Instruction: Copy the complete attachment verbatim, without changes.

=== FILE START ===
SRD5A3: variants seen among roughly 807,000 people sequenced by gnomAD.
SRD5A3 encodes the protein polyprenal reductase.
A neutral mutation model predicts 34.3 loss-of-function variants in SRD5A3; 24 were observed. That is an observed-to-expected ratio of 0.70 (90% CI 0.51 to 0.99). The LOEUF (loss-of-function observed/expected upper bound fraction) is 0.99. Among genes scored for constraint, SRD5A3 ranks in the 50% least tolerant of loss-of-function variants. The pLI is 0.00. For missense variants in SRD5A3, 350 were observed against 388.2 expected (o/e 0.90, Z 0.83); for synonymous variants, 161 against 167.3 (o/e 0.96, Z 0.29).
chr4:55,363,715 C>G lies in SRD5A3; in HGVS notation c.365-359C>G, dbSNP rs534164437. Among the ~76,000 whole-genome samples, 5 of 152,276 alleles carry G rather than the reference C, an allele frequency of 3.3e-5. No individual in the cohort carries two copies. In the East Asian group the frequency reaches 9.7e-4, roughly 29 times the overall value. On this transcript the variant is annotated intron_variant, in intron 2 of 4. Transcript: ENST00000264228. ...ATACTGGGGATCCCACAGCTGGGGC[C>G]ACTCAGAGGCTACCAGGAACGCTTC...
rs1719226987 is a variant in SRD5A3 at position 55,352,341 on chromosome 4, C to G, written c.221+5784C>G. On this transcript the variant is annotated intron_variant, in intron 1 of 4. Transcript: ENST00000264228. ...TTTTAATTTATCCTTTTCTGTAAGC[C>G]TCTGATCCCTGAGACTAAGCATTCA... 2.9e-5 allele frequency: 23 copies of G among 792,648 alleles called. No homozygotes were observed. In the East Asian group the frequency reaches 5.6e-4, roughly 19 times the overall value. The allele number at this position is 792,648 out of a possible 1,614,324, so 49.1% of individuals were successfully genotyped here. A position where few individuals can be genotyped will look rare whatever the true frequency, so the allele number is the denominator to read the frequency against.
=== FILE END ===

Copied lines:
SRD5A3: variants seen among roughly 807,000 people sequenced by gnomAD.
SRD5A3 encodes the protein polyprenal reductase.
A neutral mutation model predicts 34.3 loss-of-function variants in SRD5A3; 24 were observed. That is an observed-to-expected ratio of 0.70 (90% CI 0.51 to 0.99). The LOEUF (loss-of-function observed/expected upper bound fraction) is 0.99. Among genes scored for constraint, SRD5A3 ranks in the 50% least tolerant of loss-of-function variants. The pLI is 0.00. For missense variants in SRD5A3, 350 were observed against 388.2 expected (o/e 0.90, Z 0.83); for synonymous variants, 161 against 167.3 (o/e 0.96, Z 0.29).
chr4:55,363,715 C>G lies in SRD5A3; in HGVS notation c.365-359C>G, dbSNP rs534164437. Among the ~76,000 whole-genome samples, 5 of 152,276 alleles carry G rather than the reference C, an allele frequency of 3.3e-5. No individual in the cohort carries two copies. In the East Asian group the frequency reaches 9.7e-4, roughly 29 times the overall value. On this transcript the variant is annotated intron_variant, in intron 2 of 4. Transcript: ENST00000264228. ...ATACTGGGGATCCCACAGCTGGGGC[C>G]ACTCAGAGGCTACCAGGAACGCTTC...
rs1719226987 is a variant in SRD5A3 at position 55,352,341 on chromosome 4, C to G, written c.221+5784C>G. On this transcript the variant is annotated intron_variant, in intron 1 of 4. Transcript: ENST00000264228. ...TTTTAATTTATCCTTTTCTGTAAGC[C>G]TCTGATCCCTGAGACTAAGCATTCA... 2.9e-5 allele frequency: 23 copies of G among 792,648 alleles called. No homozygotes were observed. In the East Asian group the frequency reaches 5.6e-4, roughly 19 times the overall value. The allele number at this position is 792,648 out of a possible 1,614,324, so 49.1% of individuals were successfully genotyped here. A position where few individuals can be genotyped will look rare whatever the true frequency, so the allele number is the denominator to read the frequency against.